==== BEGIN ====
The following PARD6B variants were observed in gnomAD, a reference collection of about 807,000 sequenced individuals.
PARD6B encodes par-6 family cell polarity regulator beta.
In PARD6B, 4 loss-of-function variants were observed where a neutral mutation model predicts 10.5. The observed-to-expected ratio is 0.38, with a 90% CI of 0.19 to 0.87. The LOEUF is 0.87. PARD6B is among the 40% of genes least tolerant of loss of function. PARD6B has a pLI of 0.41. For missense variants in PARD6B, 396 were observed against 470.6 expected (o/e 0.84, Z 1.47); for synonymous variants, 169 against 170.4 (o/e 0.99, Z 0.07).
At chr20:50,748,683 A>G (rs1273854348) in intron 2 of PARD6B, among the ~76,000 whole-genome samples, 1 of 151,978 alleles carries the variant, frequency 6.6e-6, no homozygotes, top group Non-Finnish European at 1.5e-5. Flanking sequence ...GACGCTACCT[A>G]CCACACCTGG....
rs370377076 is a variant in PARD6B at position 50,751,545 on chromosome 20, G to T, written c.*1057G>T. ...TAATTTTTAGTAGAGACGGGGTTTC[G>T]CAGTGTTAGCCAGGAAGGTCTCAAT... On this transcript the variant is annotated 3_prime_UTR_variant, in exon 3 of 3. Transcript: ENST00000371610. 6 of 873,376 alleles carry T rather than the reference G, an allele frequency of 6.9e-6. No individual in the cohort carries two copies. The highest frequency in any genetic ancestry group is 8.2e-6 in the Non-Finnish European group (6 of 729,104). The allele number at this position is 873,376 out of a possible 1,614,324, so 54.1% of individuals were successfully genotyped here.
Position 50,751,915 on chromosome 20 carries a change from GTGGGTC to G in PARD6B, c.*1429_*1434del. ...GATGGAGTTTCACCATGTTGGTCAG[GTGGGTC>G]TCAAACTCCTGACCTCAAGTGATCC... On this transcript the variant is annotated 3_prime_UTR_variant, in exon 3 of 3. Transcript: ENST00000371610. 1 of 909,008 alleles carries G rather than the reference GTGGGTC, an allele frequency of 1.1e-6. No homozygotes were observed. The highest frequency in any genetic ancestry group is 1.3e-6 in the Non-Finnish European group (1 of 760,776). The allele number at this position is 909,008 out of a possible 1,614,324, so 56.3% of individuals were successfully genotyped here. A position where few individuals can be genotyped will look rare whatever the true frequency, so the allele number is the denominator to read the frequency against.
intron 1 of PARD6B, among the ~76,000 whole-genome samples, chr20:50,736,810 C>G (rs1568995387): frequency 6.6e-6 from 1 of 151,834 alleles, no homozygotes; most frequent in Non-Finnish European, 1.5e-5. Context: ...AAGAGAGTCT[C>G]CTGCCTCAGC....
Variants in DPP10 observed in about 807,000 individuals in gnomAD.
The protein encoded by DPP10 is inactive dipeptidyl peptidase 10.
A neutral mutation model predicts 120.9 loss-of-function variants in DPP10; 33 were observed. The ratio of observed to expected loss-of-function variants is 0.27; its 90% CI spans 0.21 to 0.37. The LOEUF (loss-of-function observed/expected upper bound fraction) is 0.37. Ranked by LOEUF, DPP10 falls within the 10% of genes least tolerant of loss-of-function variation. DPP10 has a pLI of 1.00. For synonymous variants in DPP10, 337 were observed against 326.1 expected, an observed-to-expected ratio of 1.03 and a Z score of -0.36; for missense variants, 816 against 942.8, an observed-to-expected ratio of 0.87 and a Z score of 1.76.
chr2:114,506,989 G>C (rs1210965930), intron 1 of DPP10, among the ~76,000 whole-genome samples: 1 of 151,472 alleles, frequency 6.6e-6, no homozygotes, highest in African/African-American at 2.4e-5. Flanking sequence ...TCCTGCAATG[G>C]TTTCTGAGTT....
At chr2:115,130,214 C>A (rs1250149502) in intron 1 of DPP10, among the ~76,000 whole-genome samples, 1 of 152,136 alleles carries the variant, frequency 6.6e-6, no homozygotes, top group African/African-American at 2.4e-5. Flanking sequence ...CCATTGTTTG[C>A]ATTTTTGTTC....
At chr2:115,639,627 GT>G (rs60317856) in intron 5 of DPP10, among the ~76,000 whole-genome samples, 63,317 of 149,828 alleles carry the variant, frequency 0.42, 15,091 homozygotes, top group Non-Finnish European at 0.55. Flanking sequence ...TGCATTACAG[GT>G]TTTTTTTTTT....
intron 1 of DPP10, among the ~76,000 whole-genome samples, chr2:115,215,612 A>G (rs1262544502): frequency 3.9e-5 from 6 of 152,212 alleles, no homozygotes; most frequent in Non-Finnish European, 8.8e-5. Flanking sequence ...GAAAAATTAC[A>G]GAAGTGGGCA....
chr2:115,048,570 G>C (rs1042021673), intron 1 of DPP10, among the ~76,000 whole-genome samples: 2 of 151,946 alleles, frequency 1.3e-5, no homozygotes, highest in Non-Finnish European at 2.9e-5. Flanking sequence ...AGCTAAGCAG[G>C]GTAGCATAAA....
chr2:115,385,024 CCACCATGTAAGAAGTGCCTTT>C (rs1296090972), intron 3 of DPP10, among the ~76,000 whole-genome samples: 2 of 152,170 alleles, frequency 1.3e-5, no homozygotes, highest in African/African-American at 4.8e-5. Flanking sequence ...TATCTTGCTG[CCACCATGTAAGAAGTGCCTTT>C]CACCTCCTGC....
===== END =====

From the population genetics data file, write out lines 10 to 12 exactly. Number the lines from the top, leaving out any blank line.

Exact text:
A neutral mutation model predicts 120.9 loss-of-function variants in DPP10; 33 were observed. The ratio of observed to expected loss-of-function variants is 0.27; its 90% CI spans 0.21 to 0.37. The LOEUF (loss-of-function observed/expected upper bound fraction) is 0.37. Ranked by LOEUF, DPP10 falls within the 10% of genes least tolerant of loss-of-function variation. DPP10 has a pLI of 1.00. For synonymous variants in DPP10, 337 were observed against 326.1 expected, an observed-to-expected ratio of 1.03 and a Z score of -0.36; for missense variants, 816 against 942.8, an observed-to-expected ratio of 0.87 and a Z score of 1.76.
chr2:114,506,989 G>C (rs1210965930), intron 1 of DPP10, among the ~76,000 whole-genome samples: 1 of 151,472 alleles, frequency 6.6e-6, no homozygotes, highest in African/African-American at 2.4e-5. Flanking sequence ...TCCTGCAATG[G>C]TTTCTGAGTT....
At chr2:115,130,214 C>A (rs1250149502) in intron 1 of DPP10, among the ~76,000 whole-genome samples, 1 of 152,136 alleles carries the variant, frequency 6.6e-6, no homozygotes, top group African/African-American at 2.4e-5. Flanking sequence ...CCATTGTTTG[C>A]ATTTTTGTTC....